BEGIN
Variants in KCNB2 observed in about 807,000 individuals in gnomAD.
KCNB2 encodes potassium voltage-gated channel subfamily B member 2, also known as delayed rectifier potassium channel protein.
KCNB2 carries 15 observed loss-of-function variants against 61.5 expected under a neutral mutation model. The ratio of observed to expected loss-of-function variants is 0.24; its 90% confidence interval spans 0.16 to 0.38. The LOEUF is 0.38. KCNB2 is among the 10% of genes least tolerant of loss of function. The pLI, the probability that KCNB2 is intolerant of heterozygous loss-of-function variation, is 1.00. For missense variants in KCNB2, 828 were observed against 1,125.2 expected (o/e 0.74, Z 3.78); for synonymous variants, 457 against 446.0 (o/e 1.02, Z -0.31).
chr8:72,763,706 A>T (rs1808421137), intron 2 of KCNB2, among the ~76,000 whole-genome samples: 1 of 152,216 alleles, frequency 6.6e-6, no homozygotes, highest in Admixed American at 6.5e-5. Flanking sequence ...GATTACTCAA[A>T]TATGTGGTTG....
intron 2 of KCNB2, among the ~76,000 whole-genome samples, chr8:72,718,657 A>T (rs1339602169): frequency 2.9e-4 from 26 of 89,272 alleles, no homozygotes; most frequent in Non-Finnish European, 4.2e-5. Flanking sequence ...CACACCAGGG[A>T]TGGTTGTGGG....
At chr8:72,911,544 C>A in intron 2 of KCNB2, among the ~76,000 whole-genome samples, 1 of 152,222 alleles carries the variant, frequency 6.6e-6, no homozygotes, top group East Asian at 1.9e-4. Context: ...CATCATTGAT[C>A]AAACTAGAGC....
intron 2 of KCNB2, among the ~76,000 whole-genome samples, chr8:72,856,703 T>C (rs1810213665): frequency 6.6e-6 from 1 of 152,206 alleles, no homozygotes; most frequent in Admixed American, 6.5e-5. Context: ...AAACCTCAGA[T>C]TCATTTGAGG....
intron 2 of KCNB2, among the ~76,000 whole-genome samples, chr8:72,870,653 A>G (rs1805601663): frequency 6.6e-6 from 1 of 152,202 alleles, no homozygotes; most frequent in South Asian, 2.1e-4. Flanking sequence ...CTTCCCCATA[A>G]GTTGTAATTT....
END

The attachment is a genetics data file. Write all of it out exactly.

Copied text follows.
Variants in KCNB2 observed in about 807,000 individuals in gnomAD.
KCNB2 encodes potassium voltage-gated channel subfamily B member 2, also known as delayed rectifier potassium channel protein.
KCNB2 carries 15 observed loss-of-function variants against 61.5 expected under a neutral mutation model. The ratio of observed to expected loss-of-function variants is 0.24; its 90% confidence interval spans 0.16 to 0.38. The LOEUF is 0.38. KCNB2 is among the 10% of genes least tolerant of loss of function. The pLI, the probability that KCNB2 is intolerant of heterozygous loss-of-function variation, is 1.00. For missense variants in KCNB2, 828 were observed against 1,125.2 expected (o/e 0.74, Z 3.78); for synonymous variants, 457 against 446.0 (o/e 1.02, Z -0.31).
chr8:72,763,706 A>T (rs1808421137), intron 2 of KCNB2, among the ~76,000 whole-genome samples: 1 of 152,216 alleles, frequency 6.6e-6, no homozygotes, highest in Admixed American at 6.5e-5. Flanking sequence ...GATTACTCAA[A>T]TATGTGGTTG....
intron 2 of KCNB2, among the ~76,000 whole-genome samples, chr8:72,718,657 A>T (rs1339602169): frequency 2.9e-4 from 26 of 89,272 alleles, no homozygotes; most frequent in Non-Finnish European, 4.2e-5. Flanking sequence ...CACACCAGGG[A>T]TGGTTGTGGG....
At chr8:72,911,544 C>A in intron 2 of KCNB2, among the ~76,000 whole-genome samples, 1 of 152,222 alleles carries the variant, frequency 6.6e-6, no homozygotes, top group East Asian at 1.9e-4. Context: ...CATCATTGAT[C>A]AAACTAGAGC....
intron 2 of KCNB2, among the ~76,000 whole-genome samples, chr8:72,856,703 T>C (rs1810213665): frequency 6.6e-6 from 1 of 152,206 alleles, no homozygotes; most frequent in Admixed American, 6.5e-5. Context: ...AAACCTCAGA[T>C]TCATTTGAGG....
intron 2 of KCNB2, among the ~76,000 whole-genome samples, chr8:72,870,653 A>G (rs1805601663): frequency 6.6e-6 from 1 of 152,202 alleles, no homozygotes; most frequent in South Asian, 2.1e-4. Flanking sequence ...CTTCCCCATA[A>G]GTTGTAATTT....